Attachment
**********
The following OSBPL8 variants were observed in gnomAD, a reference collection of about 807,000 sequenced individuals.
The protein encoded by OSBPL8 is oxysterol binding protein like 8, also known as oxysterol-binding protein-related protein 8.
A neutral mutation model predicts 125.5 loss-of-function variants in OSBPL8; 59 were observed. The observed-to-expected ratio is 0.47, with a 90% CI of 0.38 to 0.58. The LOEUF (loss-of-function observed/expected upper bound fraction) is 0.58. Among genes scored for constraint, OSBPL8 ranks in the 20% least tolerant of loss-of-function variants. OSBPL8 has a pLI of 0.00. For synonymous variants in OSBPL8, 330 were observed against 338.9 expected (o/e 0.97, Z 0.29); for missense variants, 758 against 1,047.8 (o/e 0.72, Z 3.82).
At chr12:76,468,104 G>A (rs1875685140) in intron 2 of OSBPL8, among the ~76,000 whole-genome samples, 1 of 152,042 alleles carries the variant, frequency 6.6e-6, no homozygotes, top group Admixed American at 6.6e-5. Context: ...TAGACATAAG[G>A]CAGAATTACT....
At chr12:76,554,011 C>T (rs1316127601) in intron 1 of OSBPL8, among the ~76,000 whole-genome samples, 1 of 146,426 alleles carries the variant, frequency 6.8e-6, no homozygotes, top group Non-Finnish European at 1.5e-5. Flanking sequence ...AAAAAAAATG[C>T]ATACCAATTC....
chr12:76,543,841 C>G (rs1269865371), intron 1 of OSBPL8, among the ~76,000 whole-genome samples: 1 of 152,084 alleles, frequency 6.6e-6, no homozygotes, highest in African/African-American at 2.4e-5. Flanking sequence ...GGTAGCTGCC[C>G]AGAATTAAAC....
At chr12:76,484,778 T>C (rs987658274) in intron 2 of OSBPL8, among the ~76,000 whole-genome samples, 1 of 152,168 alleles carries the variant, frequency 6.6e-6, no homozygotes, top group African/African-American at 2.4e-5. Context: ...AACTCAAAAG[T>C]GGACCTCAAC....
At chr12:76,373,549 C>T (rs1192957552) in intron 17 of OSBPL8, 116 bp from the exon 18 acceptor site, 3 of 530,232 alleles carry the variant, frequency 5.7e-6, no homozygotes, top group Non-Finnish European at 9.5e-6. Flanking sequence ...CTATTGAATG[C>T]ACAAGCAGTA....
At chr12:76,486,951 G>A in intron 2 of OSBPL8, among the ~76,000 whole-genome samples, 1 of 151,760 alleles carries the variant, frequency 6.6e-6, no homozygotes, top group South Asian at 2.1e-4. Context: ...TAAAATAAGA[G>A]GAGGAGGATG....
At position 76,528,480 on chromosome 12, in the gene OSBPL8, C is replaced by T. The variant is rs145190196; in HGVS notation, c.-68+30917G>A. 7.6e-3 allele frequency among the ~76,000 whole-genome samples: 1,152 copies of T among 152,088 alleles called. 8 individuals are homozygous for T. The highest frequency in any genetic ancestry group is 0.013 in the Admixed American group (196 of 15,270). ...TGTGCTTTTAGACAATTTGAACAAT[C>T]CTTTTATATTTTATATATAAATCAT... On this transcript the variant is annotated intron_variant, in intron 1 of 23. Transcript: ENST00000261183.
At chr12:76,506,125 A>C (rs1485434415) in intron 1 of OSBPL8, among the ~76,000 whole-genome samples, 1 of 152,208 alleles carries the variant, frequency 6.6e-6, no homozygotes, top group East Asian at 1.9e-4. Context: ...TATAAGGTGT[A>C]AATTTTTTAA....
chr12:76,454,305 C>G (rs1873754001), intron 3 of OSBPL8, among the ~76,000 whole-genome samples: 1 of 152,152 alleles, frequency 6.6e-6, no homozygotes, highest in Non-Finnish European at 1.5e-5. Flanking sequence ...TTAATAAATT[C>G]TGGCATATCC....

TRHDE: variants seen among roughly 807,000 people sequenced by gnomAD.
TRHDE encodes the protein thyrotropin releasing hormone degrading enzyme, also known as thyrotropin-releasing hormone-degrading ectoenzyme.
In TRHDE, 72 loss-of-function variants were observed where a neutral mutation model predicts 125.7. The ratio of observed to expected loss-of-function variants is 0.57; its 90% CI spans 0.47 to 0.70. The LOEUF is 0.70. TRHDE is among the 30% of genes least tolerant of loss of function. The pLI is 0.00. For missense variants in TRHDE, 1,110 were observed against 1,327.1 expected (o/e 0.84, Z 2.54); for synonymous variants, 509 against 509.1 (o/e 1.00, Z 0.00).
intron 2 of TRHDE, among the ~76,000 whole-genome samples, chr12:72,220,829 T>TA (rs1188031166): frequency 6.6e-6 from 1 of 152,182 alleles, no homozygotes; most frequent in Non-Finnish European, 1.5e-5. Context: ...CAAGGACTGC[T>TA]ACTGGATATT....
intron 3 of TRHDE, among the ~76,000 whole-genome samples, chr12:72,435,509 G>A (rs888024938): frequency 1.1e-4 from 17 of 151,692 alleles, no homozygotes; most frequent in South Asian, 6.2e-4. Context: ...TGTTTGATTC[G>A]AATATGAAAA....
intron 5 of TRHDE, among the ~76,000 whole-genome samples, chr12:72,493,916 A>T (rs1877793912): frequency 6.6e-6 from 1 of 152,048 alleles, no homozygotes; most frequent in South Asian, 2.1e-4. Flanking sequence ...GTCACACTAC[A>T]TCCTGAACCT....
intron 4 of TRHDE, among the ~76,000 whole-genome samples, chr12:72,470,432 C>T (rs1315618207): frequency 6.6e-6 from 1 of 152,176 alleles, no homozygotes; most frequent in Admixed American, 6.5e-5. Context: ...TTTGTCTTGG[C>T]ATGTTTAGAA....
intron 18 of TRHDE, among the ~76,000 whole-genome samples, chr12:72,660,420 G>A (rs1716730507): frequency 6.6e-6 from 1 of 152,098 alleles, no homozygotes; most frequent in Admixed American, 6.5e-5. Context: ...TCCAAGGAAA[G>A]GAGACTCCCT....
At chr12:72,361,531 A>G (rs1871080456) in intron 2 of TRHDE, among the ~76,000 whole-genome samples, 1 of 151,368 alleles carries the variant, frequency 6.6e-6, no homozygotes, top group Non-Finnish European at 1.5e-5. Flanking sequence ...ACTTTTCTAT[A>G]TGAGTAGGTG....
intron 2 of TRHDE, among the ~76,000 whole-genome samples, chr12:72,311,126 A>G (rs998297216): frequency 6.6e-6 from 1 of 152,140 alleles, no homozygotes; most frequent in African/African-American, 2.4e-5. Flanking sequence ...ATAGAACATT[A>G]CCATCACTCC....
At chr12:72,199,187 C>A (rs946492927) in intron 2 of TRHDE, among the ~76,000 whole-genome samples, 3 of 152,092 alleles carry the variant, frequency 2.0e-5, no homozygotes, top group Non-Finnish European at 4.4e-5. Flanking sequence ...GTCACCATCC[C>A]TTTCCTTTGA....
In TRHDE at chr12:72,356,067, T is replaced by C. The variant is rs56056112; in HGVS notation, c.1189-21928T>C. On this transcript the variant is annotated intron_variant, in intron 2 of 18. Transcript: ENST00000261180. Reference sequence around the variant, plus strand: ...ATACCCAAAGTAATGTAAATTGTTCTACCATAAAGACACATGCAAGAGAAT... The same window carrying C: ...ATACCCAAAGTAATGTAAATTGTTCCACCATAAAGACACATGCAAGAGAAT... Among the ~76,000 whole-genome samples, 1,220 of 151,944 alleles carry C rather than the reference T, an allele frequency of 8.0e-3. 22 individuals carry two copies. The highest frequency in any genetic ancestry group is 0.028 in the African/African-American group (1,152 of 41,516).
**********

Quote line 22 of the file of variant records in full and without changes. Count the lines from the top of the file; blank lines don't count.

intron 2 of TRHDE, among the ~76,000 whole-genome samples, chr12:72,311,126 A>G (rs998297216): frequency 6.6e-6 from 1 of 152,140 alleles, no homozygotes; most frequent in African/African-American, 2.4e-5. Flanking sequence ...ATAGAACATT[A>G]CCATCACTCC....